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The Archaeology of Israel
The Archaeology of Israel
At the aqueduct at Caesarea
For five adventurous Randolph-Macon College students,
2012 was a month full of discovery.
Students enrolled in The Archaeology of Israel, taught by John Camp II, the
Stavros Niarchos Foundation Professor in Classics
Professor Elizabeth Fisher, spent two weeks visiting archaeological sites, museums, monuments, synagogues and churches in Jerusalem and throughout Israel. R-MC alumnus and Board of Trustee member
generously provided financial support for participating students.
Archaeology of Israel
for a slideshow of photos from the trip.
In their post-travel essays, students reflected on the beauty and rich culture of Israel.
Kelly Moss ’13
wrote, “At Masada we got to see another example of Roman presence in Israel, the Roman army. From the top of Masada, looking down on the surrounding area, multiple Roman camps can be seen in their traditional playing-card shape; we also got to see the siege ramp going up the side of Masada. After learning about the Masada myth, I was excited to actually see the site.”
A high point for many of the travelers was the opportunity to participate in the archaeological excavation at Tel Maresha, which houses the remains of an ancient Hellenistic cistern.
David Knutson ’15
noted, “It was a lot of fun. Everyone dug up at least one artifact during the short time we were at the site. Most of the artifacts that were dug up were little pieces of bone and pottery.”
Kelly Connor ’12
, who plans to attend seminary, has a keen interest in Abrahamic religions.
“The class and trip were informative and surprising in a multitude of ways,” she wrote. “First, the classroom portion gave me all the tools I needed to be an informed traveler. As I was new to archaeology, I found it helpful that students were given an overview of the important historical events in Israel, and a chronology of when each archaeological period occurred within the Israel region. This enabled me to better understand the age of a site or an artifact while listening to on-site lectures in Israel.”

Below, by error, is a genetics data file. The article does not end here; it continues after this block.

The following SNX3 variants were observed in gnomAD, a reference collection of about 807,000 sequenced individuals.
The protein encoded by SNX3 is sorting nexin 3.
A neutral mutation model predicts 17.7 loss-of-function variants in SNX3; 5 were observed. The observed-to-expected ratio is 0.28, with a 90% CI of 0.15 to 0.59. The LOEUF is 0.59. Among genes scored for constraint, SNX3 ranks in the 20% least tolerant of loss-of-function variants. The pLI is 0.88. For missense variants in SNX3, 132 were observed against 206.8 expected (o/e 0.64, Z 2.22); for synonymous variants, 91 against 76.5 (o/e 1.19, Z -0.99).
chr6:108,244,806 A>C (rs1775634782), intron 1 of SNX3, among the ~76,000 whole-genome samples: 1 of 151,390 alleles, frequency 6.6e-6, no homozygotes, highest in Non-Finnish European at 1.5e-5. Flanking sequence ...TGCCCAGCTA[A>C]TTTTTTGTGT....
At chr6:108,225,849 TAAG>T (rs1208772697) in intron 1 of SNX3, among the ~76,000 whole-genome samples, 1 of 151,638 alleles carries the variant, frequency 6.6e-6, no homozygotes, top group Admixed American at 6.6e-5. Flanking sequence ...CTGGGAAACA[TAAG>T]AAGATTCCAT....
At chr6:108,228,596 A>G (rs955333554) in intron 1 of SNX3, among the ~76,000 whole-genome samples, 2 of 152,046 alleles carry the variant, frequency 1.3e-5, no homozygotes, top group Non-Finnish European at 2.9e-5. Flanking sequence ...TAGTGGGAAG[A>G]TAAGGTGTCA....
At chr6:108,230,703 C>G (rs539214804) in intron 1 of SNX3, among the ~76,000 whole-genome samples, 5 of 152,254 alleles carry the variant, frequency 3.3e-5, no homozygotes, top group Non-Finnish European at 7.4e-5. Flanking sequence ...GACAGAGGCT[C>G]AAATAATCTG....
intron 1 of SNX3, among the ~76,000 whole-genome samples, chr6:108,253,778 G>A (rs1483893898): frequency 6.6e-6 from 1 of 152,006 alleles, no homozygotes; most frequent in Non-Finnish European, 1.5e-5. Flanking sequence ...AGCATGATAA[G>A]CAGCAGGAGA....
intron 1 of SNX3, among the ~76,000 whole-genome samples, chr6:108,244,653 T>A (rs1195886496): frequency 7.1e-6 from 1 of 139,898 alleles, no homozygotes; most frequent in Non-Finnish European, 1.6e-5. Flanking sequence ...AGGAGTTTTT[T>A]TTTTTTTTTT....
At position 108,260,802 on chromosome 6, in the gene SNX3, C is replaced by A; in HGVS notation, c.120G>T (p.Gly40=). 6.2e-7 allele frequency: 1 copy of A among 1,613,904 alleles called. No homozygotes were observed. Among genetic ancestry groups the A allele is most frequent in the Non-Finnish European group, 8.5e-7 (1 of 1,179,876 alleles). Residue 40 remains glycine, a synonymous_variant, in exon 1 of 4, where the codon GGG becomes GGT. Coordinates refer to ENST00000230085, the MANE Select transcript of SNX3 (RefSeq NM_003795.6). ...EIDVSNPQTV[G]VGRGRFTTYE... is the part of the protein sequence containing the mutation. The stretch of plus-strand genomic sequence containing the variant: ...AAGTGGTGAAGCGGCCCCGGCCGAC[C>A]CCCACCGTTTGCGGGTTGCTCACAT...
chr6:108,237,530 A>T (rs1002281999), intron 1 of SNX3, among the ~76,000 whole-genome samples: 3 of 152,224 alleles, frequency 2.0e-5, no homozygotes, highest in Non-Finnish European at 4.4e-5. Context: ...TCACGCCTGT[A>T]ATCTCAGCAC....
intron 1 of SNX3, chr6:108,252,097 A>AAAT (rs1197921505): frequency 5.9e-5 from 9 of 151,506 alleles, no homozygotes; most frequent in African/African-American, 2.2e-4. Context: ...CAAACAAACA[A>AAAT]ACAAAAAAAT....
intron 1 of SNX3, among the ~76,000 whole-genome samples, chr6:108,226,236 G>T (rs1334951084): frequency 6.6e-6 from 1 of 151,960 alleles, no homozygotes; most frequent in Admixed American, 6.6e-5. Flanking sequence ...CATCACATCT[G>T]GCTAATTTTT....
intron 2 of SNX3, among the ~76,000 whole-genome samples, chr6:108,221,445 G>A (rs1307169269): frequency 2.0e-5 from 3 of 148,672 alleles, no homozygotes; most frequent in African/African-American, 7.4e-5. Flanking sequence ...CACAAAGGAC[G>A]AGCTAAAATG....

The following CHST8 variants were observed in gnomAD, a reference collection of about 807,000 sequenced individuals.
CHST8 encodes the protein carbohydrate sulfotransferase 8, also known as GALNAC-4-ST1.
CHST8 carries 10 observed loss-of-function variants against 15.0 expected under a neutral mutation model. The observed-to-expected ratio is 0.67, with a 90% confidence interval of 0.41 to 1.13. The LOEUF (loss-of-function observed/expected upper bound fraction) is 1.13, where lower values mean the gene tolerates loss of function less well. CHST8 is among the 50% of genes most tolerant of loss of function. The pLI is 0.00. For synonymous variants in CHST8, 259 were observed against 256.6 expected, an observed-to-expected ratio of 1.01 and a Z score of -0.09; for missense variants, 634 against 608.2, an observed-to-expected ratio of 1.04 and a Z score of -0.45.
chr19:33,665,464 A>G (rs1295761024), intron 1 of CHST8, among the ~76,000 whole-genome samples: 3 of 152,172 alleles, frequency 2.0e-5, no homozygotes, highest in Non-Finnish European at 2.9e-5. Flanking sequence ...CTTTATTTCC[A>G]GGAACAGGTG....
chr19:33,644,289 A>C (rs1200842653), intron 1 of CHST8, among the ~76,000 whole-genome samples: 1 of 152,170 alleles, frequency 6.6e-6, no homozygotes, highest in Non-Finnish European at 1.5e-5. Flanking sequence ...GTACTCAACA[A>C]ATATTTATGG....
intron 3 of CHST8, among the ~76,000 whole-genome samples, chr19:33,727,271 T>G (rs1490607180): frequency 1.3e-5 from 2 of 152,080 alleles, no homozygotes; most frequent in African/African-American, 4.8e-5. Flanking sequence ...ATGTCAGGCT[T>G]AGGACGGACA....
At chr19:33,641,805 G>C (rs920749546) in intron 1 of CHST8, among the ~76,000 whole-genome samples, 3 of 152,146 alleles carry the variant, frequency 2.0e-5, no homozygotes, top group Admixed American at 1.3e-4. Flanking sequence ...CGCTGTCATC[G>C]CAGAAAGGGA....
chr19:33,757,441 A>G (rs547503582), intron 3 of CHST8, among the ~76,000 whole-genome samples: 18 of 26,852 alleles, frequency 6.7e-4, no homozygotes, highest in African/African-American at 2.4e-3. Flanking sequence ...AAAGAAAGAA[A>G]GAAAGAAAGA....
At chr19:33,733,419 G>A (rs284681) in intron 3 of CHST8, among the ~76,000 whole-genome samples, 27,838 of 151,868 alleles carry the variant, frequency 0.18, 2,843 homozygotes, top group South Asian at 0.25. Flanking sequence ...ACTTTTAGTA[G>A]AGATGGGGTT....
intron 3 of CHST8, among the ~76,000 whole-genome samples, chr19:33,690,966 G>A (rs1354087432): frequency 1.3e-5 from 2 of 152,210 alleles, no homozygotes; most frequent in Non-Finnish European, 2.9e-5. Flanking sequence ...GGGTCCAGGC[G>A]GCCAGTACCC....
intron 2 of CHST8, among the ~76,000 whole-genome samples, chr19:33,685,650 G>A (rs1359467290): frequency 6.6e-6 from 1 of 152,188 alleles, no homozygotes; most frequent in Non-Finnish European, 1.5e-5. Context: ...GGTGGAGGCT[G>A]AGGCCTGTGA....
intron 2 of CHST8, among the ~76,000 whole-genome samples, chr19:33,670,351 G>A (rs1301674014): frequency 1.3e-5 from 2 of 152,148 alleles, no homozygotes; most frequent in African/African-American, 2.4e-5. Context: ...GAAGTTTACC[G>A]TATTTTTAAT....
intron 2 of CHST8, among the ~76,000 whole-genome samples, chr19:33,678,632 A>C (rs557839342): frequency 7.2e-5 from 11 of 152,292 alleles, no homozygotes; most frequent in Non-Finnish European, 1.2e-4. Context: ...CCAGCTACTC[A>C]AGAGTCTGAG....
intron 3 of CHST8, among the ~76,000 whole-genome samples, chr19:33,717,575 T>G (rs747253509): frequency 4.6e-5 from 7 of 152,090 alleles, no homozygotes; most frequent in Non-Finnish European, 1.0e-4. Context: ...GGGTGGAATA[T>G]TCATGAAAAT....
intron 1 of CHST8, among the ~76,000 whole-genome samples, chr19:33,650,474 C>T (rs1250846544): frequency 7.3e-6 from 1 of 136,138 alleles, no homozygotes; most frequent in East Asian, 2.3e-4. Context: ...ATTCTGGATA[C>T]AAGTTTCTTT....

Kelli Stevenson ’14
major, enjoyed visiting the Temple Mount.
“I have studied the Dome of the Rock several times, and it was always one of my favorites,” wrote Stevenson. “It was such an incredible experience to be able to see it in person, because it is even more beautiful in real-life than in textbooks. We were even able to catch a quick glimpse inside, which was amazing, because no one is allowed in.”
Sarah Fetzer ’14
, traveling to Israel gave her a deeper understanding of the challenges faced by archaeologists in Israel.
“Religion is a major obstacle to archaeological excavations in Israel,” she wrote. “The world’s three most prominent monotheistic religions have strong and tangible roots there.” She described the trip as “an amazing experience…this trip inspired me to continue studying in the field of archaeology.”
William Krupp ’67
was also among the travelers.
to read his exciting account of the trip.
is a four-week session between the fall and spring semesters that provides students with an opportunity to immerse themselves in another culture, gain real-life experience through an
or explore other areas of study.
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